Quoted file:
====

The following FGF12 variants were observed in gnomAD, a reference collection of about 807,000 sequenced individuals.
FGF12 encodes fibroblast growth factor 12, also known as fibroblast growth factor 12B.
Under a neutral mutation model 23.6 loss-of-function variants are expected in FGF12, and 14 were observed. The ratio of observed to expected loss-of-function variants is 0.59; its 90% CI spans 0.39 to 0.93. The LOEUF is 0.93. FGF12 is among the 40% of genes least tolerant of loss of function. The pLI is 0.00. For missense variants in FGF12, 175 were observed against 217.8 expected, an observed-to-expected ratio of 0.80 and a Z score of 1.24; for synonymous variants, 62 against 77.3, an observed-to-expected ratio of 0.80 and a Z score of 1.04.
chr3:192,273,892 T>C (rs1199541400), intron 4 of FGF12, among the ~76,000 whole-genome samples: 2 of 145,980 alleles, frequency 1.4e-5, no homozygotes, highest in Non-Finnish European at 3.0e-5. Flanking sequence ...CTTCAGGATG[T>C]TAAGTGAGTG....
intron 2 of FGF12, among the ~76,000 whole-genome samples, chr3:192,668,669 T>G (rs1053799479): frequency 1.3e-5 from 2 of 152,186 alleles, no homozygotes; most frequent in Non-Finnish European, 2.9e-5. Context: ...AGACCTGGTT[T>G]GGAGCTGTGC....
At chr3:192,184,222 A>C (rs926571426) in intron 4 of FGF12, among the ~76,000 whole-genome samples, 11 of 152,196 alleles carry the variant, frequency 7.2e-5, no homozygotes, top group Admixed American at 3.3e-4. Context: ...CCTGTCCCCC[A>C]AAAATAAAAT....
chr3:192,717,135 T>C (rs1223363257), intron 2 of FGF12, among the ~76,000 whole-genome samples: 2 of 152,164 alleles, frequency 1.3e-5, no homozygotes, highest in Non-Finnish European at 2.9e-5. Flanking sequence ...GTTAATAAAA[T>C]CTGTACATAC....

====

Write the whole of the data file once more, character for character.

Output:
The following FGF12 variants were observed in gnomAD, a reference collection of about 807,000 sequenced individuals.
FGF12 encodes fibroblast growth factor 12, also known as fibroblast growth factor 12B.
Under a neutral mutation model 23.6 loss-of-function variants are expected in FGF12, and 14 were observed. The ratio of observed to expected loss-of-function variants is 0.59; its 90% CI spans 0.39 to 0.93. The LOEUF is 0.93. FGF12 is among the 40% of genes least tolerant of loss of function. The pLI is 0.00. For missense variants in FGF12, 175 were observed against 217.8 expected, an observed-to-expected ratio of 0.80 and a Z score of 1.24; for synonymous variants, 62 against 77.3, an observed-to-expected ratio of 0.80 and a Z score of 1.04.
chr3:192,273,892 T>C (rs1199541400), intron 4 of FGF12, among the ~76,000 whole-genome samples: 2 of 145,980 alleles, frequency 1.4e-5, no homozygotes, highest in Non-Finnish European at 3.0e-5. Flanking sequence ...CTTCAGGATG[T>C]TAAGTGAGTG....
intron 2 of FGF12, among the ~76,000 whole-genome samples, chr3:192,668,669 T>G (rs1053799479): frequency 1.3e-5 from 2 of 152,186 alleles, no homozygotes; most frequent in Non-Finnish European, 2.9e-5. Context: ...AGACCTGGTT[T>G]GGAGCTGTGC....
At chr3:192,184,222 A>C (rs926571426) in intron 4 of FGF12, among the ~76,000 whole-genome samples, 11 of 152,196 alleles carry the variant, frequency 7.2e-5, no homozygotes, top group Admixed American at 3.3e-4. Context: ...CCTGTCCCCC[A>C]AAAATAAAAT....
chr3:192,717,135 T>C (rs1223363257), intron 2 of FGF12, among the ~76,000 whole-genome samples: 2 of 152,164 alleles, frequency 1.3e-5, no homozygotes, highest in Non-Finnish European at 2.9e-5. Flanking sequence ...GTTAATAAAA[T>C]CTGTACATAC....